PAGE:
A compelling story unfolds as the House of Vuitton charts and seizes the ever-evolving transportation modes. Following the invention of cars, the House ‘partners’ with automotive makers to design trunks and cases specifically designed to fit the contours of interior and exterior spaces in automobiles.
In 1924, André Citroën organized his second African expedition dubbed Croisière noire (Black journey) all the way through Africa from Colomb-Béchar, Algeria to Cape Town, South-Africa. A convoy of 8 half-tracks and 24 men started their journey on 28th of October in 1924 and arrived in Cape Town on 26th of June in 1925, making them the first people to drive across the whole continent of Africa. Citroën commissioned House of Vuitton to build special trunks for the expedition, video and photos reveal an arduous journey, vehicles packed with Louis Vuitton trunks and cases in a particular color and trademarked in natural leather with the durable latches and hard metal corner details protecting the interior goods.
Innovative flat pack goods were created for yachting; a combination of leather and canvas. Boxes and trunks have been commissioned and built for just about every industry. Besides clothing, custom camera cases, the Roland-Garros’ legendary final tennis trophies are outfitted in special boxes. Traveling libraries, enclosed in a trunk that would insure 6 months of reading material with a typewriter. Required for the bookworm Louis Vuitton for a three to six-month transatlantic voyage. Music cases including a DJ box for vinyl records, a precious leather case for violinist and conductor Pierre Sechiari’s Stradivarius to protect the valuable instrument and bow. The invention of travel by car added to the empire of cases: footrest briefcases, elaborate picnic cases containing custom silver picnic necessities. Early cars were built without roofs, thus a fashionable traveler clutched a flat Morocco leather bag in her arms – most likely holding, a stole and gloves, and possibly a lap robe. It was the prelude to the handbag.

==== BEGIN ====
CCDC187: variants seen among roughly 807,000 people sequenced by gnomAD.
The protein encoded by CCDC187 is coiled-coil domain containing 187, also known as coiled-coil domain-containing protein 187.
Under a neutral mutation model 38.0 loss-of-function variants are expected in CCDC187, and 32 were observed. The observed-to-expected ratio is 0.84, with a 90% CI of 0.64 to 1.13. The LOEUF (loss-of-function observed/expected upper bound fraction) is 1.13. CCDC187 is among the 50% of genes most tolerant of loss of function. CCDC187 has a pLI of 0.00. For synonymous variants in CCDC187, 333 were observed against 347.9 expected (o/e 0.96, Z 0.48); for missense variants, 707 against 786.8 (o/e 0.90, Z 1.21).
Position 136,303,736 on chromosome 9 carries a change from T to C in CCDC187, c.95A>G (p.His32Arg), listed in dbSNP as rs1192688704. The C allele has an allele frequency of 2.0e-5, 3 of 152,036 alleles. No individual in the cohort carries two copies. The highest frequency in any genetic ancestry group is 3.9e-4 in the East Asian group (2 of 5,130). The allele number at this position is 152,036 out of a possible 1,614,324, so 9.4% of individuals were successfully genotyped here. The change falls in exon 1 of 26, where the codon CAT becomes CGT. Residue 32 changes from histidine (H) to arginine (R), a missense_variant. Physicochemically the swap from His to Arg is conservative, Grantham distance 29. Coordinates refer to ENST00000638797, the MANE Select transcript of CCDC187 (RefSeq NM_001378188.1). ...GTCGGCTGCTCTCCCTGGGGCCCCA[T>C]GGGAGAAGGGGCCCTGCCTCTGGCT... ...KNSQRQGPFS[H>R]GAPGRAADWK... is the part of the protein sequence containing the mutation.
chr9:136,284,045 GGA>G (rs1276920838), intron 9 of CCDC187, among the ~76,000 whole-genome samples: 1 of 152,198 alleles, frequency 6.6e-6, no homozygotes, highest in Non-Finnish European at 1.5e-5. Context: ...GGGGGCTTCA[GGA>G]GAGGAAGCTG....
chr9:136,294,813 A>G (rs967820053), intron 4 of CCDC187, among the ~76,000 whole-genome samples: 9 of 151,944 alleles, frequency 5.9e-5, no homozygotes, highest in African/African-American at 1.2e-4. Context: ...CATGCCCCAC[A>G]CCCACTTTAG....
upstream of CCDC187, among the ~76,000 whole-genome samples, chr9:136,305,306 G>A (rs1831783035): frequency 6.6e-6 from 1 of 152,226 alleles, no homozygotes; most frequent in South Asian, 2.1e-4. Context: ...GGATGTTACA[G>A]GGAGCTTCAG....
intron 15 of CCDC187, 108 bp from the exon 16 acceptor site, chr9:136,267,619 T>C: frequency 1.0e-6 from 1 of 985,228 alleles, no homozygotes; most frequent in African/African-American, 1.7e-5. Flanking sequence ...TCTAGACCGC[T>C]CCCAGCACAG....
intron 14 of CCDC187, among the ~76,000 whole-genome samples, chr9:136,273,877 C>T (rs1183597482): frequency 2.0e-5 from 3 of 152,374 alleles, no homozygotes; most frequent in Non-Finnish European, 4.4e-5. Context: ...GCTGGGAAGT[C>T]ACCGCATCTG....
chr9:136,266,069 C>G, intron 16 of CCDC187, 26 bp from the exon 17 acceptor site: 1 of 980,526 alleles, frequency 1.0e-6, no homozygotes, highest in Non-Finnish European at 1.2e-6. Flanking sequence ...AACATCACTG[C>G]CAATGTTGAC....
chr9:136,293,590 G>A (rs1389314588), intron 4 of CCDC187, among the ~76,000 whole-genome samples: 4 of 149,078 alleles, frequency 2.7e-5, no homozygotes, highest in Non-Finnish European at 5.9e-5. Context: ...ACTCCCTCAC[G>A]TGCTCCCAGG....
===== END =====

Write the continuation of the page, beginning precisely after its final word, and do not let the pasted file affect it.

Voguez, Volez, Voyagez” exhibition, drew nearly 200,000 visitors at the Grand Palais in Paris, New York is expected to host 400,00 – to 500,000 visitors. In the 19th Century, the largest client base was American and the firm had designated the former American Stock Exchange building as the home for the local visit, waiting until it was available. Peer into the glass cases to understand the branding; the distinct stickers used for the insides of the trunks, the leather-bound notebooks inscribed with client name, a description of the bag or trunk, with the personal key number noted in the event one loses their key. Personal ephemera combined with early examples of travel trunks and cases bring this story to life. From ancient days to current, the trends and collaborations with Jeff Koons, Cindy Sherman, Frank Gehry and many more are included. Sit on the soft sofas within the ‘train room’ recreating The Orient Express rail car set filled with fashion and hat boxes, with vineyards and other scenery whisking by on video monitors masking as windows. The props include a 70-foot mast and sail that brushes the ceiling of the high-ceilinged stock exchange; a bi-plane bursting through a wall bearing a bounty of travel bags on its wings.
The Art of Travel is an Epic Expedition of 163 years of history, chronicling the story of a young 14 year old boy who left his village by foot and began an apprenticeship in a Parisian box shop. Travel Through Time at this well crafted experiential exhibit.
The Art of Travel – highly recommend. “Volez, Voguez, Voyagez – Louis Vuitton New York
Literally translated as“Fly! Sail! Travel!” the phrase was used in a vintage Louis Vuitton poster- and in a 2014 advertising campaign – encouraging clients to explore, wander and discover the world.